Of course you do.
Netflix’s Sex Education is a decidedly raunchy and thoroughly adorable coming-of-age dramedy. While it’s not exactly afraid of well-worn tropes, it also doesn’t rely on them to a detrimental degree… and it has Gillian Anderson as a sex therapist, which would be enough for a lot of us even if nothing else about the show worked. Luckily, that isn’t the case: A testament to the power of character development, the series is riveting. None of its superbly crafted characters waste a single frame. —Amy Glynn (Photo: Sam Taylor/Netflix)
Network: CBS All Access
Last Week’s Ranking: Not ranked
The first season of Star Trek Discovery felt like it was taking its cues from the rebooted Star Trek movies of the last decade, with its big-screen action sequences and edgier characters, instead of the more optimistic and philosophical explorations of the earlier series. It was still enjoyable; this prequel was a look at a Federation facing extermination, one without the luxuries of its ideals, one with a mutinous first officer and a captain with nefarious secrets. The drama was ratcheted up, and the plot unfolded in one long serial thread. But Season Two’s kindler, gentler Discovery has been both more deliberately paced and hopeful. The second episode, “New Eden,” especially feels more like Next Generation than anything we’ve seen so far. A classic “away team,” including Sonequa Martin-Green’s Michael Burnham and new captain Christopher Pike (Anson Mount), visits a human refugee settlement that’s been mysteriously transported across the galaxy. In the absence of new technology after their miraculous salvation, its residents follow a hodgepodge of Earth’s religions. Moral quandary and scientific mystery provide the tension in place of warring races and evil alternate realities. It’s a welcome development for fans who just wanted their beloved Star Trek back. —Josh Jackson (Photo: Ben Mark Holzberg/CBS)
Last Week’s Ranking: Ineligible
In Netflix’s beautiful Kingdom, zombies become important only as an aside, when civil unrest rumbles after the king’s rumored death. A tortuous inquest follows as the current regime tries to unearth traitors. There’s all sorts of palace intrigue over the succession, a cross-section of the lower class suffering the same illness that afflicts (or afflicted) the king, and a usurping clan tired of losing wars—which they attribute to a larger cultural softness. Confucius isn’t cutthroat enough, they say. Politics are heavily at the forefront in Kingdom, while zombies slowly become less and less ignorable on the outskirts. But the series is by no means a plug-and-play piece of historical mythologizing like Abraham Lincoln: Vampire Hunter: There’s actually meaning in putting the supernatural into these stories, as the class politics that marked both Seoul Station and Train to Busan find even more room to expand on TV. —Jacob Oller (Photo: Juhan Noh/Netflix)
Last Week’s Ranking: 5
While “The Hour and the Day” develops your sympathies with protagonist Wayne Hays (Mahershala Ali), it’s not to the exclusion of other characters, most notably Roland West (Stephen Dorff), who is just cornball and aw-shucks enough that it keeps surprising you to realize how sanguine and clear-headed he is. He has a really intense emotional honesty, and it’s a character choice I’m loving. In 2015, as the increasingly frail Hays becomes more muddled, his most frantic moment comes when he seems to realize he doesn’t know where his partner is or how long it’s been since they spoke. It makes you realize that Hays has always been very clear that West was more than just his coworker—that he was a source of stability and affection in an otherwise pretty alienated life. —Amy Glynn (Photo: Warrick Page/HBO)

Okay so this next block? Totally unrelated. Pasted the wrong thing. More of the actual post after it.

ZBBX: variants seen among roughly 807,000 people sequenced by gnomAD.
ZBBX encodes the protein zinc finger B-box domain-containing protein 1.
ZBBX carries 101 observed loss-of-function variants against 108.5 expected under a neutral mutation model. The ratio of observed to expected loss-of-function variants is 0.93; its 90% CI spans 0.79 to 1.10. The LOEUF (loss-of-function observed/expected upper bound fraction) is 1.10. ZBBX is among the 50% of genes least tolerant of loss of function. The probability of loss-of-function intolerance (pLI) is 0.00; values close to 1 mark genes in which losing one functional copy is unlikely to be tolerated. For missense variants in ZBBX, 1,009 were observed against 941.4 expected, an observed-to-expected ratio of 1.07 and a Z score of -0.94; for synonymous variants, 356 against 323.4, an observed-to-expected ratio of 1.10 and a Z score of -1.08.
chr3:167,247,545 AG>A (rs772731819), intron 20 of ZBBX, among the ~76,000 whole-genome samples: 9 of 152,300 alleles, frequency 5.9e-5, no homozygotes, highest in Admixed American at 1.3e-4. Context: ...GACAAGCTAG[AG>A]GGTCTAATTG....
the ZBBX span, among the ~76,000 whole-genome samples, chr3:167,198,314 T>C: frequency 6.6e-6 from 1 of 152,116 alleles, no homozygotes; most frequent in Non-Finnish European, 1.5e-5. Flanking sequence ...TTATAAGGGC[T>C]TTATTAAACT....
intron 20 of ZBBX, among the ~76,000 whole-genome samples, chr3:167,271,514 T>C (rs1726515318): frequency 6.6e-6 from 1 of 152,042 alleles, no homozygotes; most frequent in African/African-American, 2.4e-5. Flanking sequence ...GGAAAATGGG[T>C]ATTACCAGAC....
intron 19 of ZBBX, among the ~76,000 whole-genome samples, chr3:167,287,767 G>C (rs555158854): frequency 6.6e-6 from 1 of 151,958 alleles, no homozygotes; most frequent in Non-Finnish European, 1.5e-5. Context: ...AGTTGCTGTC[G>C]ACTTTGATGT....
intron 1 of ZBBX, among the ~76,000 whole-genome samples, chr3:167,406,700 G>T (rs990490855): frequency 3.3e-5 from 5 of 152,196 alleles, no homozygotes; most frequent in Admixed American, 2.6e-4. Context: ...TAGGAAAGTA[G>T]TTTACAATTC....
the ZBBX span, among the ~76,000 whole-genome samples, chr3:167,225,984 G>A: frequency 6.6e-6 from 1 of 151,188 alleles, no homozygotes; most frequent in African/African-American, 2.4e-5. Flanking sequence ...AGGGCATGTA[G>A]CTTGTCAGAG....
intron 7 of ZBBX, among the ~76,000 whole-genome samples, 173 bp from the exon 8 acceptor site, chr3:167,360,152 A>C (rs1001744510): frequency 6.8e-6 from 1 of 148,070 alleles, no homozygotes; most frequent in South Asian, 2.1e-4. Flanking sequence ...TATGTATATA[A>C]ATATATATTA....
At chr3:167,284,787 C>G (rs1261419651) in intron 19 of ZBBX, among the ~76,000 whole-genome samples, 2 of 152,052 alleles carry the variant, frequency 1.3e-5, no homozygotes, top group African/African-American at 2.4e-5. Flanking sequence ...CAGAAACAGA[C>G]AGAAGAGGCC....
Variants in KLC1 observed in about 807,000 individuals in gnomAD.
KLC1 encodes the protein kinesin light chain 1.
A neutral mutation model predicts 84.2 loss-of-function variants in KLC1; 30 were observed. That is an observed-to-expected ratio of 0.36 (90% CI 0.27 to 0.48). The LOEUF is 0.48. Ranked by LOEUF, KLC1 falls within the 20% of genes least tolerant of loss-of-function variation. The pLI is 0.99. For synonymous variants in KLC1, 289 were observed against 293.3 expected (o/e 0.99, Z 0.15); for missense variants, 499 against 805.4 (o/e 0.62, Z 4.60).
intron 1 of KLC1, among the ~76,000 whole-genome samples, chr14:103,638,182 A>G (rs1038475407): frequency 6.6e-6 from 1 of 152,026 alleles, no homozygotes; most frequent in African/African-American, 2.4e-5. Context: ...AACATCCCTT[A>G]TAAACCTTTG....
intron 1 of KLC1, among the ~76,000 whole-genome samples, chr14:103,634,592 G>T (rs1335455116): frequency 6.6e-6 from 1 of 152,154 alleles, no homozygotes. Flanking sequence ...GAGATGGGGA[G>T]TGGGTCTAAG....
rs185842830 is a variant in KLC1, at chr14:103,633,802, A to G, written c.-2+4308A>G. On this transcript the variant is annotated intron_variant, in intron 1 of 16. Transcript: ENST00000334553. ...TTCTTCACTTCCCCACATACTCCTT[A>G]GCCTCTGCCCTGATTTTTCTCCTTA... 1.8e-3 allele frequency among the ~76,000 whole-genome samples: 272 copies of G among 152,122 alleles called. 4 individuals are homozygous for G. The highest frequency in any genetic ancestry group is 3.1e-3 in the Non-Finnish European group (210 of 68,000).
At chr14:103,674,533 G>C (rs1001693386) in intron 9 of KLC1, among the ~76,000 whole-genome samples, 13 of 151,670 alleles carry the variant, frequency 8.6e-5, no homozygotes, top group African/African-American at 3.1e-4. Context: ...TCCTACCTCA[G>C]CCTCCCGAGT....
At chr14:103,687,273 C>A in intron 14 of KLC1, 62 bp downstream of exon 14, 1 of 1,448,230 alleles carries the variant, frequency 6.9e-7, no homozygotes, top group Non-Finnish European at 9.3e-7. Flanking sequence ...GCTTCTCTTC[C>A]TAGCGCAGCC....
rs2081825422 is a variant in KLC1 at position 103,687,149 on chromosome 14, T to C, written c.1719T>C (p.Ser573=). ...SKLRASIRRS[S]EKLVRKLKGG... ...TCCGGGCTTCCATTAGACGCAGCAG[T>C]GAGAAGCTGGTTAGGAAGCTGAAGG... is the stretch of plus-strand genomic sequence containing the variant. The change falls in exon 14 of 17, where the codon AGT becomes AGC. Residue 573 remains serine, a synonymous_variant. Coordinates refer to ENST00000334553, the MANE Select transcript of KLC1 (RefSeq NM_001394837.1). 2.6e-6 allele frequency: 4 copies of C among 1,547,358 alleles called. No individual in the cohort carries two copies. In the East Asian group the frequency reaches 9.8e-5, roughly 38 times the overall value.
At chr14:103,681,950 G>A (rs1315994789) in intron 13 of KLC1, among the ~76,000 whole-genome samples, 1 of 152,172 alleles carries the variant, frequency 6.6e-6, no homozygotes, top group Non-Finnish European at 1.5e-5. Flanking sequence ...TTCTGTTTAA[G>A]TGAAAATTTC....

Last Week’s Ranking: Ineligible
We will never know what might have been with FOX’s “live” performance of Rent: Star Brennin Hunt, who played the pivotal role of Roger, broke his foot during Saturday night’s dress rehearsal, which meant that viewers were treated to a taping. Here’s what we do know: Much of TV (and theater) Twitter spent Sunday night talking about, analyzing, and lamenting what might have been, which is worth plenty of points in the Paste Power Rankings schema.
In the plus column, Vanessa Hudgens, who played the emotionally manipulative Maureen, and Brandon Victor Dixon, as the sweet Tom Collins, didn’t save their voices for the big show that never came: They clearly subscribe to the philosophy that every night is opening night. In the minus, there were plenty of issues, from the frenetic camerawork and odd lyric changes (you can’t say “poo poo it” on the network that airs Family Guy?) to the vocals fighting the music to be heard. The highlight came in the final curtain call, when the original Broadway cast sang “Seasons of Love.” They, of course, sounded amazing. The energy in those final moments almost made all that came before it worth it. Almost. But we were still watching. —Amy Amatangelo (Photo: Ray Mickshaw/FOX)
Last Week’s Ranking: Honorable mention
In “Pandemonium,” the final episode of its third season, The Good Place offers some greater insight into whether or not its fourth will slow down to let the emotional stakes of the New Good Place develop before pulling the rug out from under us again. The good news: For the emotional impact borne by the whole Soul Squad at Chidi’s (William Jackson Harper) sacrifice to make sense, his reboot has to stick for longer than a few episodes. The better news: In their very human sit-down before Eleanor (Kristen Bell) has to finally introduce herself to Reboot Chidi as the architect, Eleanor and Janet are able to pull together a lot of the open emotional and narrative threads I’d been frustrated about, if in a grander, more philosophical way than I might have anticipated: “Can you just tell me the answer,” Eleanor begs Janet. “There has to be meaning to existence or else the universe is just made of pain.” “If there were an answer I could give you to how the universe works,” Janet tells her, “it wouldn’t be special. It would just be machinery fulfilling its cosmic design. It would just be a big, dumb food processor. But since nothing seems to make sense, when you find something or someone that does, it’s euphoria.” —Alexis Gunderson (Photo: Colleen Hayes/NBC)